Researchers race to save Alaska’s coral gardens
Unique, vast cold-water corals contain unknown species, tropical hues – and unexploited stocks of fish.
Alberto Lindner, Courtesy of NOAA Fisheries/FILE
To German naturalist Georg Steller, who accompanied explorer Vitus Bering on his 1741-42 voyage of discovery commissioned by Russia’s Peter the Great, the treeless islands that arc between mainland Siberia and North America were treasure troves of new plants, animals, and geology.
“I encountered wondrously strange views that at first glance were more like the ruins of large cities and edifices than a chance display of nature,” Mr. Steller wrote in his journal.
Nearly three centuries later, researchers continue to make new discoveries about the remote Aleutian archipelago that stretches more than 1,000 miles from the Alaska mainland.
Regular surveys of the Aleutian waters, such as the biannual trawl surveys by the National Oceanic and Atmospheric Administration, consistently turn up previously unknown life forms.
“It isn’t like the dark side of the moon or anything,” says Mark Wilkins, supervising research fishery biologist at NOAA’s Alaska Fisheries Science Center in Seattle. Still, “it is relatively new in terms of being looked at carefully by biologically trained people.”
One of the most significant finds of recent years was the vast cold-water coral gardens on the floor of the sea shelf, 300 to 1,000 feet down. Scientists and fishermen had long known that corals grew here – grayish pieces had turned up in fishing gear. But it was not until 2002, when a pair of NOAA scientists plunged down to the site in a tiny two-person submarine, that anyone knew of the corals’ diversity and vivid hues.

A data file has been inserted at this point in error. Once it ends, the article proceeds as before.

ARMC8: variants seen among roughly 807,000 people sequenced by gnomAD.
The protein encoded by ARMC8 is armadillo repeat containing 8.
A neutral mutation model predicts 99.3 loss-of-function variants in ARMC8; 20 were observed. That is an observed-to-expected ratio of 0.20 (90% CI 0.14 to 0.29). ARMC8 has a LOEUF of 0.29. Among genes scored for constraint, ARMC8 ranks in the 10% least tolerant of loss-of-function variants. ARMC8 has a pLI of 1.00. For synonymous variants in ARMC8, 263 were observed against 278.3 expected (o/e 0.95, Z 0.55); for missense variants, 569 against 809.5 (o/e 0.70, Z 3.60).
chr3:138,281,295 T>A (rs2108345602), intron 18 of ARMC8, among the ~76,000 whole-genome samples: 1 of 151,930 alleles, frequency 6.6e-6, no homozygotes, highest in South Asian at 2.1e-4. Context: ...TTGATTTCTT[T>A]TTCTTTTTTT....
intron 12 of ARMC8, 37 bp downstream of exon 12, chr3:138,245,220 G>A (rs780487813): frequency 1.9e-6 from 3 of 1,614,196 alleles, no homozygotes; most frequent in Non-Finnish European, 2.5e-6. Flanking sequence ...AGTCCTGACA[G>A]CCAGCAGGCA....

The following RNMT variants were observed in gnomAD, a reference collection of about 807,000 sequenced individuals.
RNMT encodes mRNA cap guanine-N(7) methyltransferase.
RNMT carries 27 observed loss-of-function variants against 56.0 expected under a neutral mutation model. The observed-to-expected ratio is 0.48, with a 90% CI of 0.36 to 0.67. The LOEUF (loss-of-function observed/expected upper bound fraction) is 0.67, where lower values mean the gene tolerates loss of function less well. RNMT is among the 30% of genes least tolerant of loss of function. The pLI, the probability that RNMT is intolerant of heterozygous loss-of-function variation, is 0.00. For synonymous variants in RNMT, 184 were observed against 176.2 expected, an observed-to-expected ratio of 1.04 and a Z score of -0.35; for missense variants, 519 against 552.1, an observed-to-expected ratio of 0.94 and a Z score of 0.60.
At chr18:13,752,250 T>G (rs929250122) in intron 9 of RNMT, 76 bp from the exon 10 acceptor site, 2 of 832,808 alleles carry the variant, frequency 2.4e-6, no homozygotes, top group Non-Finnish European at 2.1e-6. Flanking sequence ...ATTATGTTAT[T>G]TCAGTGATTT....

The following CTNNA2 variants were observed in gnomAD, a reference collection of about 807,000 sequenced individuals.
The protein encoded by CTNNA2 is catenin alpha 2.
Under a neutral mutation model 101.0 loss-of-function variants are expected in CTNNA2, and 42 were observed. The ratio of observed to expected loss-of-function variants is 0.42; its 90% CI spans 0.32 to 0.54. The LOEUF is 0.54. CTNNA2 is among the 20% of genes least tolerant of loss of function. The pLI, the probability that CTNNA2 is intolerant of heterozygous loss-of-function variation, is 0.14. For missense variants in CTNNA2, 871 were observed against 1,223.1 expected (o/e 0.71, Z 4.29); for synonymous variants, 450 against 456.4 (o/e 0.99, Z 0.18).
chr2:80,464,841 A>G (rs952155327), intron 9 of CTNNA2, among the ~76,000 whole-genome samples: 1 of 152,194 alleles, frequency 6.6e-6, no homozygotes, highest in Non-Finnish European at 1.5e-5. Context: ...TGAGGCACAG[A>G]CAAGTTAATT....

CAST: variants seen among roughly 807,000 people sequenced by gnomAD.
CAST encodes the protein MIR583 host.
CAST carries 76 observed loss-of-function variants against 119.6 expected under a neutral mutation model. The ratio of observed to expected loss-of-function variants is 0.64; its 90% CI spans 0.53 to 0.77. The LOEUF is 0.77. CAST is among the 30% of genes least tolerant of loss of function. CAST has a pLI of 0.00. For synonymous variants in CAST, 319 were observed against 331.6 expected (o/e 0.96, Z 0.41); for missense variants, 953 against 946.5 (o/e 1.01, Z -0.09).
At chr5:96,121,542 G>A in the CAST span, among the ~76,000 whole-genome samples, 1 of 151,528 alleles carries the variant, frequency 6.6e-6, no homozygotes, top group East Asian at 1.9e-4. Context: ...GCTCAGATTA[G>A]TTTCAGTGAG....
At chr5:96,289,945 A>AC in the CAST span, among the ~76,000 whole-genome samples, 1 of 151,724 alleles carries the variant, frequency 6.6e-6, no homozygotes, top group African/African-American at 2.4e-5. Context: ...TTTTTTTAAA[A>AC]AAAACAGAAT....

“You turn on the lights, and it was just amazing,” says Jon Heifetz, a Juneau, Alaska-based NOAA scientist who was one of the two in the sub. “Every single inch of rock was covered with colorful corals and sponges.” No sunlight penetrates this deep.
The discovery prompted federal fishery managers in 2006 to ban bottom-scraping trawl harvests in nearly all the Aleutians, along with other spots in the Gulf of Alaska. The ban, protecting about 379,000 square miles, was hailed as a milestone.
“It was clear that this was a treasure that we needed to protect,” says John Warrenchuk, a Juneau-based scientist with Oceana, an environmental group that worked for the ban. There was industry resistance, but it was overcome by public sentiment to preserve this “habitat that we’ve seen nowhere else in the world,” Mr. Warrenchuk says.
The campaign was helped by the fact that the decision did not eject bottom trawlers from grounds they were already using. “They were losing future opportunities, but the most productive fishing grounds were left open,” he says.
Other discoveries here in recent years include two potential new species of “walking” or “swimming” sea anemones that move across the seafloor instead of being anchored to it; a new type of kelp that scientists have named “golden V” because of its color and shape, and several new types of bottom-dwelling fish.
With an eye to the continuing biological mysteries of the Aleutians, the North Pacific Fishery Management Council, which sets policy for commercial fishing in federal waters off Alaska, has launched a pilot program to manage and monitor the region as an integrated and unique ecosystem. The plan, started last year, considers not just stocks of commercially valuable fish but also marine mammals, changing climate conditions, nonfishing human activities (including military operations, shipping, potential oil and gas exploration), and a host of other factors.